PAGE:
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  • Duke of Burgundy

Duke of Burgundy

Pictured: Duke of Burgundy, Hamearis lucina

Notes from Jenyns: Found by Mr Vernon about Cambridge, in the time of Ray~ (Raj. Ins. 122. no. 12.) ~ but not observed since. ~ Has occurred at Anglesea Abbey.

200-year trend in Cambridgeshire: Decline to local extinction (but was always very rare in the county and national declines have been much more severe).

 

Modern records

Jenyns’ notes suggest that even 200 years ago sightings of the Duke of Burgundy in Cambridgeshire were rare and were probably always very localised. This butterfly has undergone serious declines across the UK and is now extinct in Cambridgeshire. The intensification of agriculture and relaxation of traditional coppicing saw the majority of its woodland clearing habitats close up. Many populations then switched habitat to scrubby grasslands that neighboured their old woodland environments, but the species still suffered heavy losses.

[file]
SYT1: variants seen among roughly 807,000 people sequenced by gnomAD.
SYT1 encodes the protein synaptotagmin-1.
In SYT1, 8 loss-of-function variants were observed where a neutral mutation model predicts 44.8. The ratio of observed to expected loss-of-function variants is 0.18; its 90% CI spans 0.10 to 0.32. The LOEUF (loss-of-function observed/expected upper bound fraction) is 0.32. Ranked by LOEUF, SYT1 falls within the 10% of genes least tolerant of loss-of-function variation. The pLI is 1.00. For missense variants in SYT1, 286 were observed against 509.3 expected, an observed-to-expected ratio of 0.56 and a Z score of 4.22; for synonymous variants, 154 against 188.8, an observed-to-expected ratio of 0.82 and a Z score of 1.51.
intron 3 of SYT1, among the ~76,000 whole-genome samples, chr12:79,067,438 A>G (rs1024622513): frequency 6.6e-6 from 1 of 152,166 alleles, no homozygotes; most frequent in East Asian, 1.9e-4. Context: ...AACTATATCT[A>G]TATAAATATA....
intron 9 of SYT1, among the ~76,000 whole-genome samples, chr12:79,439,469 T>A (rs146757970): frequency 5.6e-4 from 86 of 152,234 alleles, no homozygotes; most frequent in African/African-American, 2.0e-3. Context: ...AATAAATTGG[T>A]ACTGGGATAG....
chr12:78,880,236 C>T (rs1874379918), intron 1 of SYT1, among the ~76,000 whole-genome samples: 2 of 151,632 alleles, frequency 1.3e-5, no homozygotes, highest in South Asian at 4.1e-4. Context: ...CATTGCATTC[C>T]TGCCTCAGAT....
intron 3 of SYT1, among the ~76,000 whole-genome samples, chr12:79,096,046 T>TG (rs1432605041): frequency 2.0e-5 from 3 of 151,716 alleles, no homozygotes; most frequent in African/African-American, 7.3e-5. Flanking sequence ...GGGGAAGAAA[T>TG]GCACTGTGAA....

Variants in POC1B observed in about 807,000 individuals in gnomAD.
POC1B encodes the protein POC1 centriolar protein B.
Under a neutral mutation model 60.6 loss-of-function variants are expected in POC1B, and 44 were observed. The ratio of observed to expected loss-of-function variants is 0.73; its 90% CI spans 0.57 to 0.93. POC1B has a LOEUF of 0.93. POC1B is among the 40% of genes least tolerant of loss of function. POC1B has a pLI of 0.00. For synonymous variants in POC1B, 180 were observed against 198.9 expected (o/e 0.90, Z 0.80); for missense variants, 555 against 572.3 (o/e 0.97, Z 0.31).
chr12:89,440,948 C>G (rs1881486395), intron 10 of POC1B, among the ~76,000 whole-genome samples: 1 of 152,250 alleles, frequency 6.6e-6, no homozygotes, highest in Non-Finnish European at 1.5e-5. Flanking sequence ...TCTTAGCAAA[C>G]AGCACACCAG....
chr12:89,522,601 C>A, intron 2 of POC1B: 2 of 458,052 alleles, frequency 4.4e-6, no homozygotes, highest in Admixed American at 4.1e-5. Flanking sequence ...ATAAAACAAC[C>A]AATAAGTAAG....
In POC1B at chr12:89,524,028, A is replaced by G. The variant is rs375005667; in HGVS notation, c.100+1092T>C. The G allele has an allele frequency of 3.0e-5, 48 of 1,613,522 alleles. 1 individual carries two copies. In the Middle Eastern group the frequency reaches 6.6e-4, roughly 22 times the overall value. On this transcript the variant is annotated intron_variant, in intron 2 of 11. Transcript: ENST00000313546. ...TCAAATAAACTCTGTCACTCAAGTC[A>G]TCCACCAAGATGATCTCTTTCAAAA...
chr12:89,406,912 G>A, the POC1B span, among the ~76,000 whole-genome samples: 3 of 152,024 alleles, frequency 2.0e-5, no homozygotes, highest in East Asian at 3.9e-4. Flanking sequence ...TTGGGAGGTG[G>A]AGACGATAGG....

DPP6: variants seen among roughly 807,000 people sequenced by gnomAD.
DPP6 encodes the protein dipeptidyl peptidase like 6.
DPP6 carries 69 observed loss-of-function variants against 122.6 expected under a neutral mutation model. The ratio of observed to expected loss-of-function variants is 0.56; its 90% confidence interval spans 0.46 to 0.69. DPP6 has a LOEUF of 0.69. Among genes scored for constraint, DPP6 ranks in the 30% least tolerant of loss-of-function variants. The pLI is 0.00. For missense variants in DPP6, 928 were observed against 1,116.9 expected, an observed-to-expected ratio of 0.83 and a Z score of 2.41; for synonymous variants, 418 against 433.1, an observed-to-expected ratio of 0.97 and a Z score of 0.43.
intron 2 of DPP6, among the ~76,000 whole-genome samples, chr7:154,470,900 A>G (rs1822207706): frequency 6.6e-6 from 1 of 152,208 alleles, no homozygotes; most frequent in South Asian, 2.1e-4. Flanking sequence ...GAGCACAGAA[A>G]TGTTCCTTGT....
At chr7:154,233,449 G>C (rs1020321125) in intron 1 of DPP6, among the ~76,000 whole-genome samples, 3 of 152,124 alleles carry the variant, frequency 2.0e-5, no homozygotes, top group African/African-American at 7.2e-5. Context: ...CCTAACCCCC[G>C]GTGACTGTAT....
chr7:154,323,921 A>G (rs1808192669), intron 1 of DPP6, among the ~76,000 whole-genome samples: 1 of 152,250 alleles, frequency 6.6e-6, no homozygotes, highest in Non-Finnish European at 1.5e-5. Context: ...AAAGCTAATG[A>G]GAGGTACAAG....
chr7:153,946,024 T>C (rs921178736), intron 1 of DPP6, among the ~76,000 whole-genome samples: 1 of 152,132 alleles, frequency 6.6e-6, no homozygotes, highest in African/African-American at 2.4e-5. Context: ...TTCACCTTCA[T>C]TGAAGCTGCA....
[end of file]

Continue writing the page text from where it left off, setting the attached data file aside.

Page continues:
However, in recent years conservation efforts, and possibly global warming, have slowed and maybe even begun to reverse these declines. The species relies on very warm, sheltered habitats so it may benefit from a rising regional temperature. Researchers at Cambridge University Zoology Department are working with the Wildlife Trust for Bedfordshire, Cambridgeshire and Northamptonshire to better manage for this species on their reserves in neighbouring counties.

 

National records map

Duke of Burgundy national records map: https://species.nbnatlas.org/species/NHMSYS0000502800